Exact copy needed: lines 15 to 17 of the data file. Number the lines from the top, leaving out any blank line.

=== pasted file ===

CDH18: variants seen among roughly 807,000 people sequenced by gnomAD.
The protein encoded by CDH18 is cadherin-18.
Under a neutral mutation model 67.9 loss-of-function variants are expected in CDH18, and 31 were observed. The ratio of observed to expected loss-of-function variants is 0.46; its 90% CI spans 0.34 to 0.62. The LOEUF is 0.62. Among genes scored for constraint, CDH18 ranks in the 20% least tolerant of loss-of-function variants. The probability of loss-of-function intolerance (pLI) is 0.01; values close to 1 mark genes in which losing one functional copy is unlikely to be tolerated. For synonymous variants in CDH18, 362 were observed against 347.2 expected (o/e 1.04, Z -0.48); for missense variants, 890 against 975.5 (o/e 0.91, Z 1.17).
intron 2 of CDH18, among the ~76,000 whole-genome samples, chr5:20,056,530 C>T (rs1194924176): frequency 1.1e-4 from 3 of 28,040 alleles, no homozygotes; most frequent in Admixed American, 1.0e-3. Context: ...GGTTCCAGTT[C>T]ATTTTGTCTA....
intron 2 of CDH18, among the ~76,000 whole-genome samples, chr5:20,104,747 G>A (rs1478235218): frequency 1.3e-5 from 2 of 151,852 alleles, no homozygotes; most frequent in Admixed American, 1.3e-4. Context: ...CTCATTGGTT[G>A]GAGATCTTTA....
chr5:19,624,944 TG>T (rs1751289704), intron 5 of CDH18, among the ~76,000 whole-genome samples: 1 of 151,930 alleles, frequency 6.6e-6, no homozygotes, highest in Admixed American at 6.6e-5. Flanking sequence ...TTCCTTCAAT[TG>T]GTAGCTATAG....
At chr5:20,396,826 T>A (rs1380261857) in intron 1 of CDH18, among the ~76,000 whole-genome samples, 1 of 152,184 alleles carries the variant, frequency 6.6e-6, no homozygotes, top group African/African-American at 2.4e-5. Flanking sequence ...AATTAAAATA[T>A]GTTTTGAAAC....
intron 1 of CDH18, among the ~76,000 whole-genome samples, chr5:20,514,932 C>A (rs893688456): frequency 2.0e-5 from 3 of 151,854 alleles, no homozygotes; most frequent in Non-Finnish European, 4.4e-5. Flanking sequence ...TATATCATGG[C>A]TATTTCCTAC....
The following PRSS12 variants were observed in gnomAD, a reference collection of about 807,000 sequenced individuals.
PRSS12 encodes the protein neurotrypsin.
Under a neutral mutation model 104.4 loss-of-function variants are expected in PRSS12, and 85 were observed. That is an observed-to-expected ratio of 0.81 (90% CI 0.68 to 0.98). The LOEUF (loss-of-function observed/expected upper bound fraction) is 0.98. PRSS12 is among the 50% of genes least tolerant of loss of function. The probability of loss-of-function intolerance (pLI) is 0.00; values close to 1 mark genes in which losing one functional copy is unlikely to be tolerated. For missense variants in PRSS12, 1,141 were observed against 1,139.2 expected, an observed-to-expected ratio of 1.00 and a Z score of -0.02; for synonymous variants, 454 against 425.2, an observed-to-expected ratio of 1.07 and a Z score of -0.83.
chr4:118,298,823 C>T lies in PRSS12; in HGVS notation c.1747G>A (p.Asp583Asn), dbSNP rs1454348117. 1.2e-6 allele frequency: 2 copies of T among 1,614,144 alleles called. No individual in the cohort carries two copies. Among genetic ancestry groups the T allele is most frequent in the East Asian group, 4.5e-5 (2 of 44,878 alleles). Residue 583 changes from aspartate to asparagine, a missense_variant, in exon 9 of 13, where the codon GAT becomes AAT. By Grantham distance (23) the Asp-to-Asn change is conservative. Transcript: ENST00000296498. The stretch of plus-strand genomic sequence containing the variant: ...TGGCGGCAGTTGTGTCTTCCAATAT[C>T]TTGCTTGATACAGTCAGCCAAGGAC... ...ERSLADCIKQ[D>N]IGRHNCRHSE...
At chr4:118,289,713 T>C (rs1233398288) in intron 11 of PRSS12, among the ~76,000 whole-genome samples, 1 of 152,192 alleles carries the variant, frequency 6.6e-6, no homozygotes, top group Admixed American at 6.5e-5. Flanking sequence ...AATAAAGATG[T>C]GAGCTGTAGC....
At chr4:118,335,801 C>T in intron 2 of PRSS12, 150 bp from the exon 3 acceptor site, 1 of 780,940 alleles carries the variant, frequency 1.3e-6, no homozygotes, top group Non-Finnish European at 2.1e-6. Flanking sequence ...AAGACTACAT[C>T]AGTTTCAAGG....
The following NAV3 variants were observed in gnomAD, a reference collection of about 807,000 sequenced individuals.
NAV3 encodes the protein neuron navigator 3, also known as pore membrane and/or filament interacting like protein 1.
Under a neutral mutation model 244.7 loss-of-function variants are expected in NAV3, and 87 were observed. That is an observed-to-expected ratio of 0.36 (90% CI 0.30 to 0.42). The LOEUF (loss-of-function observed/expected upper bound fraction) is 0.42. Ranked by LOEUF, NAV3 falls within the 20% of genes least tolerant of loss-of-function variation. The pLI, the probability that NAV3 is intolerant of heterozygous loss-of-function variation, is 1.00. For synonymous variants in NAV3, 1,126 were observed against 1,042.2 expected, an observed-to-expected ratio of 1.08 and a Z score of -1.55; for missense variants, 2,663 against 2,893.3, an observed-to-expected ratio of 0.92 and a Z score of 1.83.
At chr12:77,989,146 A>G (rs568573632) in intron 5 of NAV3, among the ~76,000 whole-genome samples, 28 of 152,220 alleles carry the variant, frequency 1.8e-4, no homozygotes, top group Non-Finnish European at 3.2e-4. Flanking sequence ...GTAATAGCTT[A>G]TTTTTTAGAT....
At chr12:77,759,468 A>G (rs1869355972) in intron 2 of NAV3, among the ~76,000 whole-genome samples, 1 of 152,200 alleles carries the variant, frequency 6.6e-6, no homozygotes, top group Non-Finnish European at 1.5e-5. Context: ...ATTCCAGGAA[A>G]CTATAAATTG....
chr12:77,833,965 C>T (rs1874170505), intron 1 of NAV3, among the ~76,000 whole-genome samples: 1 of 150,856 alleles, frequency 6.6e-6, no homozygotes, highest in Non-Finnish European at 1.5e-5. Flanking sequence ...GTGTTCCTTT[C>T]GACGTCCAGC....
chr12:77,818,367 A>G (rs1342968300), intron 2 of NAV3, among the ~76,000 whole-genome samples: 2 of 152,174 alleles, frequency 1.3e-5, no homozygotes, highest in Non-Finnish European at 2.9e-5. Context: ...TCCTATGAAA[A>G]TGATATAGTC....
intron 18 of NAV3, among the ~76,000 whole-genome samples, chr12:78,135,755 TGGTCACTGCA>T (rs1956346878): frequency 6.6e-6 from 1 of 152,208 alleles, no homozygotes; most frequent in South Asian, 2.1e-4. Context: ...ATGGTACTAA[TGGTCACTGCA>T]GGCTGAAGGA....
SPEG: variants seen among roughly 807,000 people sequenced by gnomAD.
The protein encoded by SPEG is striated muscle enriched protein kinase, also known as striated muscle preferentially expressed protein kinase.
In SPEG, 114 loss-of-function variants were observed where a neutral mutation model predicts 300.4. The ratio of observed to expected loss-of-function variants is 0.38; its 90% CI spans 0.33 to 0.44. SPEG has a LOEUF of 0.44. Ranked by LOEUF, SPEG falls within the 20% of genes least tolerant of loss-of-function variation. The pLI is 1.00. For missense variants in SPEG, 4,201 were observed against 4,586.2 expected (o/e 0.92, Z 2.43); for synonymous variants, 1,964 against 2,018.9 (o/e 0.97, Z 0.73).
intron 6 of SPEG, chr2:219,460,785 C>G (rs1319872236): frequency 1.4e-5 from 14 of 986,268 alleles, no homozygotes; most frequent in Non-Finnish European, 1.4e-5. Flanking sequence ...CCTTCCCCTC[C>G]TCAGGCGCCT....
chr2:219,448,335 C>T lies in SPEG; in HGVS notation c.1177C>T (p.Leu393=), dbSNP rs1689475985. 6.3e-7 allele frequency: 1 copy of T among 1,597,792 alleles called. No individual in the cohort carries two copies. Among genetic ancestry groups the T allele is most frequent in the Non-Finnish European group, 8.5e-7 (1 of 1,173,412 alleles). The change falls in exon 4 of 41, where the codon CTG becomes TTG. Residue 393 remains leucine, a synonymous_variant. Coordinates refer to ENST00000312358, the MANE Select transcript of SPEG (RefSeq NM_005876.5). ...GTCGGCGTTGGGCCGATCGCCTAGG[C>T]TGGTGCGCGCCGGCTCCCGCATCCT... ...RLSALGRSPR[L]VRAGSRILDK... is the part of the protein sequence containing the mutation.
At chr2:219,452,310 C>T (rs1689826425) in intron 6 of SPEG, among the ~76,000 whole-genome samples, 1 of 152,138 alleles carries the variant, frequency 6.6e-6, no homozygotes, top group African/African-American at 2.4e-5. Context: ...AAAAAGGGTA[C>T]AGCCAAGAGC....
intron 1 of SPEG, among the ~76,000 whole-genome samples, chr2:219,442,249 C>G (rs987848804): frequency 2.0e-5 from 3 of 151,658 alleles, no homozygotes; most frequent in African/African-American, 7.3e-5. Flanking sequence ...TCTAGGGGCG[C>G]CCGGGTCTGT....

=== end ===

The following NAV3 variants were observed in gnomAD, a reference collection of about 807,000 sequenced individuals.
NAV3 encodes the protein neuron navigator 3, also known as pore membrane and/or filament interacting like protein 1.
Under a neutral mutation model 244.7 loss-of-function variants are expected in NAV3, and 87 were observed. That is an observed-to-expected ratio of 0.36 (90% CI 0.30 to 0.42). The LOEUF (loss-of-function observed/expected upper bound fraction) is 0.42. Ranked by LOEUF, NAV3 falls within the 20% of genes least tolerant of loss-of-function variation. The pLI, the probability that NAV3 is intolerant of heterozygous loss-of-function variation, is 1.00. For synonymous variants in NAV3, 1,126 were observed against 1,042.2 expected, an observed-to-expected ratio of 1.08 and a Z score of -1.55; for missense variants, 2,663 against 2,893.3, an observed-to-expected ratio of 0.92 and a Z score of 1.83.